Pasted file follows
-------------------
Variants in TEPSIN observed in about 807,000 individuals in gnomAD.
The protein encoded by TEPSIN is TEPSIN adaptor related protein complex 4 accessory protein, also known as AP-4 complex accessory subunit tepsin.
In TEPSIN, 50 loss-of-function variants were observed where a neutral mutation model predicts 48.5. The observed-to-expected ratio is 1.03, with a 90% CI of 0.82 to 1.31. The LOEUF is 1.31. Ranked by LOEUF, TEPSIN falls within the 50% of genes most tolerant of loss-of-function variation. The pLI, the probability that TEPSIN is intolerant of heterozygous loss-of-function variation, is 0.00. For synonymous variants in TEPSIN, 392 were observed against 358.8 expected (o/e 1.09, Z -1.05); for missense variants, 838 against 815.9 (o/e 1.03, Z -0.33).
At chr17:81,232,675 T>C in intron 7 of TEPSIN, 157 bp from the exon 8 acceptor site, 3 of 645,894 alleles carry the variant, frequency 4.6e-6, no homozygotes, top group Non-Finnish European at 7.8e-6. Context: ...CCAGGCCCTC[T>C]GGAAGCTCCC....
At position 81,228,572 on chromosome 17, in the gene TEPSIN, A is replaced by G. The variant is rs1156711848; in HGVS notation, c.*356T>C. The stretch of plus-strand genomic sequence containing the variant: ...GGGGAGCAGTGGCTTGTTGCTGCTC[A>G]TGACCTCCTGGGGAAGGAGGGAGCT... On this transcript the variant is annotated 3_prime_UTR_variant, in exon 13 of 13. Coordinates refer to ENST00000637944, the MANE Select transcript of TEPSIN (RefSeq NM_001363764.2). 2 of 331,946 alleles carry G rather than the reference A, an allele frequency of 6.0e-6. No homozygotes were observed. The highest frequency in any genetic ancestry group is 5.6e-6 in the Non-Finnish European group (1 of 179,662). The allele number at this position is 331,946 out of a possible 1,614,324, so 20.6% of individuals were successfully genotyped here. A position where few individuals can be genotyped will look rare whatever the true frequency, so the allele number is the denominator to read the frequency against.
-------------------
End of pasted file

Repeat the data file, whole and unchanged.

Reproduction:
Variants in TEPSIN observed in about 807,000 individuals in gnomAD.
The protein encoded by TEPSIN is TEPSIN adaptor related protein complex 4 accessory protein, also known as AP-4 complex accessory subunit tepsin.
In TEPSIN, 50 loss-of-function variants were observed where a neutral mutation model predicts 48.5. The observed-to-expected ratio is 1.03, with a 90% CI of 0.82 to 1.31. The LOEUF is 1.31. Ranked by LOEUF, TEPSIN falls within the 50% of genes most tolerant of loss-of-function variation. The pLI, the probability that TEPSIN is intolerant of heterozygous loss-of-function variation, is 0.00. For synonymous variants in TEPSIN, 392 were observed against 358.8 expected (o/e 1.09, Z -1.05); for missense variants, 838 against 815.9 (o/e 1.03, Z -0.33).
At chr17:81,232,675 T>C in intron 7 of TEPSIN, 157 bp from the exon 8 acceptor site, 3 of 645,894 alleles carry the variant, frequency 4.6e-6, no homozygotes, top group Non-Finnish European at 7.8e-6. Context: ...CCAGGCCCTC[T>C]GGAAGCTCCC....
At position 81,228,572 on chromosome 17, in the gene TEPSIN, A is replaced by G. The variant is rs1156711848; in HGVS notation, c.*356T>C. The stretch of plus-strand genomic sequence containing the variant: ...GGGGAGCAGTGGCTTGTTGCTGCTC[A>G]TGACCTCCTGGGGAAGGAGGGAGCT... On this transcript the variant is annotated 3_prime_UTR_variant, in exon 13 of 13. Coordinates refer to ENST00000637944, the MANE Select transcript of TEPSIN (RefSeq NM_001363764.2). 2 of 331,946 alleles carry G rather than the reference A, an allele frequency of 6.0e-6. No homozygotes were observed. The highest frequency in any genetic ancestry group is 5.6e-6 in the Non-Finnish European group (1 of 179,662). The allele number at this position is 331,946 out of a possible 1,614,324, so 20.6% of individuals were successfully genotyped here. A position where few individuals can be genotyped will look rare whatever the true frequency, so the allele number is the denominator to read the frequency against.